How about William Wilberforce, the man credited with achieving the abolition of slavery? It took him forty six years to get the slavery laws repealed right across the then British Empire. It took such a toll on him and his health that he died just three days after he received assurance that his final bill was going to make it through parliament. Yet right back at the very beginning of the campaign he came extremely close to giving up.  He was a Christian and I can imagine him saying, in the face of massive opposition from the rich and the powerful in parliament, 

“What difference can I make? Send someone else”. 

 God's response was to speak through his fiance, Barbara, who encouraged him, telling him that she believed he could do it. With her help he changed the world with regards to slavery.  He did what God knew he could do even though he thought it was too much for him. “What difference can I make? Send someone else.” “No. It's you.” But thank goodness slavery is now in the past and none of us need to be worried about being called to do the same kind of work.

Unfortunately, that's not true on either count. Slavery is not in the past and we need our eyes to be opened otherwise how will we know when we are called to change something? Slavery is an outrage and it still continues, even in the west. At its worst are the young women who are trafficked from eastern Europe and sold for use by men in the west.  But as we open our eyes to the world in which we live, so we need to question whether our definition of slavery needs to be wider than this.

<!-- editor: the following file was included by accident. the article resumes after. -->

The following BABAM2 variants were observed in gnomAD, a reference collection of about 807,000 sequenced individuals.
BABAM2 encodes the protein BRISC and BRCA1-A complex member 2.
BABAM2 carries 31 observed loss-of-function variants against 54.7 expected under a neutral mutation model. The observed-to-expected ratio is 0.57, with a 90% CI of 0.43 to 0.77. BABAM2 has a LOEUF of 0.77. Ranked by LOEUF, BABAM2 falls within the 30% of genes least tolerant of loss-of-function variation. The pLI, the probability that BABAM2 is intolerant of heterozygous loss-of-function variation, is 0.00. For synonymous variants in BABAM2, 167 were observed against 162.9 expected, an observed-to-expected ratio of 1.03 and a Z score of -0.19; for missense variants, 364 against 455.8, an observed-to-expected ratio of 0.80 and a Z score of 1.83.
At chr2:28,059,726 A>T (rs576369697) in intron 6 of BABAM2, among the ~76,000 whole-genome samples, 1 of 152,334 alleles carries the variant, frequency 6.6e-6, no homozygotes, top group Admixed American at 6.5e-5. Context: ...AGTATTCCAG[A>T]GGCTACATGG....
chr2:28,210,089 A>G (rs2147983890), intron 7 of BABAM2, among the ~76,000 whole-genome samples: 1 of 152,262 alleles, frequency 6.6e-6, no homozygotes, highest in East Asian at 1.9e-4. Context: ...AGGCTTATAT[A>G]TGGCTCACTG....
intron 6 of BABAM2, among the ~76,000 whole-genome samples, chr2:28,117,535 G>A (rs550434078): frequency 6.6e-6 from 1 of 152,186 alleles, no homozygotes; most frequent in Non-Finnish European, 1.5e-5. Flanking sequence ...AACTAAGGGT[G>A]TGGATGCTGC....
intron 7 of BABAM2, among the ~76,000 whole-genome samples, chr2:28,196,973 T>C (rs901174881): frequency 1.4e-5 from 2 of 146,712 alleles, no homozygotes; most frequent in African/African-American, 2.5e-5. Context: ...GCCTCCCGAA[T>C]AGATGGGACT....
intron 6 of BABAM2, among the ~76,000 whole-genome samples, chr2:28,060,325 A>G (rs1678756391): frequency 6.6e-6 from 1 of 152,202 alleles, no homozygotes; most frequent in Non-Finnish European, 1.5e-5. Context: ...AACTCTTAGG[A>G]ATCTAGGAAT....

Maybe it should also includes those who enslaved in other ways and not simply those who are owned by others. For example there can be the desire by someone who wishes for power to gradually exert it until they have a stranglehold on the direction of the lives and choices of others.

So slavery can be slavery to our own desires, slavery to someone else's need to have power over us, slavery because someone has genuinely bought us, right through to slavery to someone else's idea of how to run an economy where we run out of ways to climb out of poverty. The list is long and we need our eyes to be opened to that.  As Christians, what is our response going to be when God says, “I want you to be a part of the solution”? If we're anything like all of the other major heroes in the bible, it's likely that the first thing we will say, in the cold light of day, is “What difference can I make? Send someone else.”